Just for fun, it needs a Pipercross air filter, irridium spark plugs, a magnetic sump plug bolt, cut down brake/clutch levers, wrap-round handguards (with the alloy bar in), and a heap of grease nipples fitting too!


So, when I get some of that lot sorted I'll let you know how it all goes! In the meantime, if anyone comes across the following parts or has the skills, PLEASE let me know:

  • Front wheel
  • Nearside radiator protection - may need to be built, i.e. measured and cut/bent/drilled to fit!! (Design job anybody?)
  • Front sprocket cover
  • Pannier rails
  • Footpegs
  • Some kit or method to de-link the brakes
Any comments and advice totally appreciated. :color:

Deer Dodger
3,199 Posts
Jeez Chris,

You sure know how to go about it a difficult way :D

Never been on a Vara off road, so I really can't comment but I would say that I think the Vara would be ok on light trails, but for the type of stuff you do ( ie full on :D ), I would imagine it would be a bit of a handful.
But in saying that,I've seen you off road and you don't 'ang about :thumbup:

I think the most obvious start would be to ditch the fairing and try to reduce upper weight considerably., maybe think about fitting a smaller tank? Then it would be a question of altering gearing as you so rightly said.

Sorry can't be much help, just want to wish you all the best with the project, looking forward to seeing the pics :thumbup:

Good luck

Premium Member
6,168 Posts
Has anyone tried fitting a 21inch wheel onto a vara?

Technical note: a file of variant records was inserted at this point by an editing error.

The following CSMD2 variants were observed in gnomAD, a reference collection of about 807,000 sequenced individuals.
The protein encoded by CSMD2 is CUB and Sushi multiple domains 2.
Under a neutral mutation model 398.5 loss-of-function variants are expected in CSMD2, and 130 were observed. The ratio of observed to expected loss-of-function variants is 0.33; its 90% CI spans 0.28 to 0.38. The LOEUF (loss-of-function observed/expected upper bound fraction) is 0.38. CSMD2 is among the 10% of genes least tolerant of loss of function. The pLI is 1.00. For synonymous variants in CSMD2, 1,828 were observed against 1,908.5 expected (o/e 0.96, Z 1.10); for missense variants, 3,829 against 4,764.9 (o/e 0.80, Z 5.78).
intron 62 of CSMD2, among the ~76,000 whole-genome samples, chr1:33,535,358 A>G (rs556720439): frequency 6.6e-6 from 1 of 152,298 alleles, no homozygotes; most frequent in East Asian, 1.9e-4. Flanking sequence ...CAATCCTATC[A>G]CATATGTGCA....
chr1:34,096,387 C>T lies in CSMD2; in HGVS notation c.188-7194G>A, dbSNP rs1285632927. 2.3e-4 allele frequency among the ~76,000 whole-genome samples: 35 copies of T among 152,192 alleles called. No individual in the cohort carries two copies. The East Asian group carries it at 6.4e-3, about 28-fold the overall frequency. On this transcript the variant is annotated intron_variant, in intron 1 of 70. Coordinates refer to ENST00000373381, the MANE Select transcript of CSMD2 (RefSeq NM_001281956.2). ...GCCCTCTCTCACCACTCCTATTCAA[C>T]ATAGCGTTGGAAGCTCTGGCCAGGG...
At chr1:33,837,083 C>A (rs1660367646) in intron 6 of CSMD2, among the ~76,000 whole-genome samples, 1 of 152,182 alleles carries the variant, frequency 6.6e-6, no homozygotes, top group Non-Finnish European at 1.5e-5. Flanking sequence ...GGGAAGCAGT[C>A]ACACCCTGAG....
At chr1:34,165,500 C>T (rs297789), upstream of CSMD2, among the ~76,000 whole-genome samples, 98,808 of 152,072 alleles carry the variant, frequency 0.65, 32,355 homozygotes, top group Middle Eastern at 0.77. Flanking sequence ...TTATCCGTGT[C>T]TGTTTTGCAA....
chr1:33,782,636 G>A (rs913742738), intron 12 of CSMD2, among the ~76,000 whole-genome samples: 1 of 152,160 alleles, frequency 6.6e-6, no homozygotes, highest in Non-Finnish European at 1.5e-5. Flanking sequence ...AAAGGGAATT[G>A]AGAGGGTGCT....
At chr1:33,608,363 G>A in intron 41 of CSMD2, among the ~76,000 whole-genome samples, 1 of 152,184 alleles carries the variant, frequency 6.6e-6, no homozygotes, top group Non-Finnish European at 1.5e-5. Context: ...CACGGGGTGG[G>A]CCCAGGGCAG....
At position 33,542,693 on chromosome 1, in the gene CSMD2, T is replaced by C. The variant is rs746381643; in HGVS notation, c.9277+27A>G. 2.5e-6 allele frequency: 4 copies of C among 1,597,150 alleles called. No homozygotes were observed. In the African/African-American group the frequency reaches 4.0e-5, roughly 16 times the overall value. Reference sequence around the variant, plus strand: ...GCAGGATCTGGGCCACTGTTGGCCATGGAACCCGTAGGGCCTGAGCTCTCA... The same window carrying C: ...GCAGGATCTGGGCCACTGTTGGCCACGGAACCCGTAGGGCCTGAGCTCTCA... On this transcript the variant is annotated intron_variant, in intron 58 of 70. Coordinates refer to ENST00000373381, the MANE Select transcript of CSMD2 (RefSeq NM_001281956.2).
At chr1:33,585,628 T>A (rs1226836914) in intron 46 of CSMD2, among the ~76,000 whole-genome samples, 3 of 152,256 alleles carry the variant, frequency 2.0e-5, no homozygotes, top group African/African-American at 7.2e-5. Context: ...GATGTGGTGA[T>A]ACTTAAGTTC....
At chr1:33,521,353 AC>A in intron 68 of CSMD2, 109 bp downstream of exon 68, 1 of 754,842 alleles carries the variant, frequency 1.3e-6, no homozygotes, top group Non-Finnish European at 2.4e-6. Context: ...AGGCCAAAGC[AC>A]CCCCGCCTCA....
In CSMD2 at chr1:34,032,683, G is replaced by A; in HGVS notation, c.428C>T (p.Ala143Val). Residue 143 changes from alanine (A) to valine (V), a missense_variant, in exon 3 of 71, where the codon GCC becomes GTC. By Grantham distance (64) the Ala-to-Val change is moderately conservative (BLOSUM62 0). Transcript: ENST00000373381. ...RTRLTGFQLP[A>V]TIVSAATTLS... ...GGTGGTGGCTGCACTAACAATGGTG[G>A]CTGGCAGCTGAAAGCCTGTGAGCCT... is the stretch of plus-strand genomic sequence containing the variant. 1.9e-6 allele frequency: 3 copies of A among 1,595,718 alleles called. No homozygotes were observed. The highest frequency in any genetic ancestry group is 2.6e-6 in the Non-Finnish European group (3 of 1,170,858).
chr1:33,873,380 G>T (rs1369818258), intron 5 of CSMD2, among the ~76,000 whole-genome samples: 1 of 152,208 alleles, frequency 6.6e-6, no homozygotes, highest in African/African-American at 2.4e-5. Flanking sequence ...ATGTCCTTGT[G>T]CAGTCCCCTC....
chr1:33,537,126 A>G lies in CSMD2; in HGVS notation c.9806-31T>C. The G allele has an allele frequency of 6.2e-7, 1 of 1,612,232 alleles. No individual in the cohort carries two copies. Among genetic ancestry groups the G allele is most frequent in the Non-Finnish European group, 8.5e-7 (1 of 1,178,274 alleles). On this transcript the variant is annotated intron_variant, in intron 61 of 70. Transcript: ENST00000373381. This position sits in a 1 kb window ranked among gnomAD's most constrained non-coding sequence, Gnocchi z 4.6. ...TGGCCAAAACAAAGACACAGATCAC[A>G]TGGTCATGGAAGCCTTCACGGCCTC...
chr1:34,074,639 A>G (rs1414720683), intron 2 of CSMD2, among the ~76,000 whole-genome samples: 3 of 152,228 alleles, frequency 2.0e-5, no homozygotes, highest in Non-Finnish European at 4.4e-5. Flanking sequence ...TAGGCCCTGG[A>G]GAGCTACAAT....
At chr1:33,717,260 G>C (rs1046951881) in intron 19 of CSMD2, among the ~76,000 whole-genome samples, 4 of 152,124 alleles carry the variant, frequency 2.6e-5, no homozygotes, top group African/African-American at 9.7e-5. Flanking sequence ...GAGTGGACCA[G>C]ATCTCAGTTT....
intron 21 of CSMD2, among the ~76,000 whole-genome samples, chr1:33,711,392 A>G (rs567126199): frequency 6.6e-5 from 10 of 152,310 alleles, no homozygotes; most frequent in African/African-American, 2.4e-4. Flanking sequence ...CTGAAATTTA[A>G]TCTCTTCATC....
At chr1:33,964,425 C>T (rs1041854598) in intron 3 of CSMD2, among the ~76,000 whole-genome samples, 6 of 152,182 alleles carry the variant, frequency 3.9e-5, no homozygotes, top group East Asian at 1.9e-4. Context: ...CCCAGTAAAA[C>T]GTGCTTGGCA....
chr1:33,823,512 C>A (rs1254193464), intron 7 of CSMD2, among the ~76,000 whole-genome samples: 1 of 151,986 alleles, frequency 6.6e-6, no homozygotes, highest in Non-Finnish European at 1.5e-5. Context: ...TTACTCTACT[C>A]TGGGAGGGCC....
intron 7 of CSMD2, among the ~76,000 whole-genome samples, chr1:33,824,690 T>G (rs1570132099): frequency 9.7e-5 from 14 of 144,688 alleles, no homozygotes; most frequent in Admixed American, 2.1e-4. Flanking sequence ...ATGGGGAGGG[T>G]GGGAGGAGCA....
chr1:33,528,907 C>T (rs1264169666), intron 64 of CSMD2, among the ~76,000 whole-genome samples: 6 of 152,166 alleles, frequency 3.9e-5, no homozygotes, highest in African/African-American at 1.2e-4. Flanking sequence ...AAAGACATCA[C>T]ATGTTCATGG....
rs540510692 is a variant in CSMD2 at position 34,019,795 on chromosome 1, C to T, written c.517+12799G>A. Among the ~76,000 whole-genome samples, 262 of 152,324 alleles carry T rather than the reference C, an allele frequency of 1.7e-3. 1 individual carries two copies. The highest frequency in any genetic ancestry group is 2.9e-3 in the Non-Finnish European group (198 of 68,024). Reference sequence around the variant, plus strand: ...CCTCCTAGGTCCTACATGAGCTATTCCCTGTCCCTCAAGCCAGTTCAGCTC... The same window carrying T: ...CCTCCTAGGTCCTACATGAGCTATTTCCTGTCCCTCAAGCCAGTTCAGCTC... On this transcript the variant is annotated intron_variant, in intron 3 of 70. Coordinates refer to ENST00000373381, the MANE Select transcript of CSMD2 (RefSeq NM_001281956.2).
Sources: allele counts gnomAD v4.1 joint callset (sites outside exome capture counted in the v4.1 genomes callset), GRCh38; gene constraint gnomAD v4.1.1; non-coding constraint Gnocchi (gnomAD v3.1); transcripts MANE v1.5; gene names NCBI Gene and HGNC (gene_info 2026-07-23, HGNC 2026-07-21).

94 Posts
Hi Mudwiz.

Front wheel for sale here
Honda XL1000 XL 1000 Varadero 08 Front Wheel | eBay

Its a bit pricey at £250.
I have been looking for a front wheel for nearly two years. Mainly on eBay.
They rearly come up. This £250 one has been on for a longtime. I wonder why.
But if someone really needed one it might be cheep enough.
Even one with a little damage made over £100 not so long ago
I have a back wheel for a carbie vara which is for sale. If interested pm me
My intention was just to paint a couple of rims and still have the originals but the idea has passed.

As to 21 inch fronts theres a bit about it here

I notice that you don't mention pipes.
Get a good set of aftermarket pipes to loose many llb's
I have a set of Remus on mine, apart from the weight saving the noise is to die for
All the very best with it.


Premium Member
10,746 Posts
Having shared quite a few bottles of wine with muddy while he shivers with hypothermia,

Yup he is most definitely nuts

Sent from my HTC Desire using Tapatalk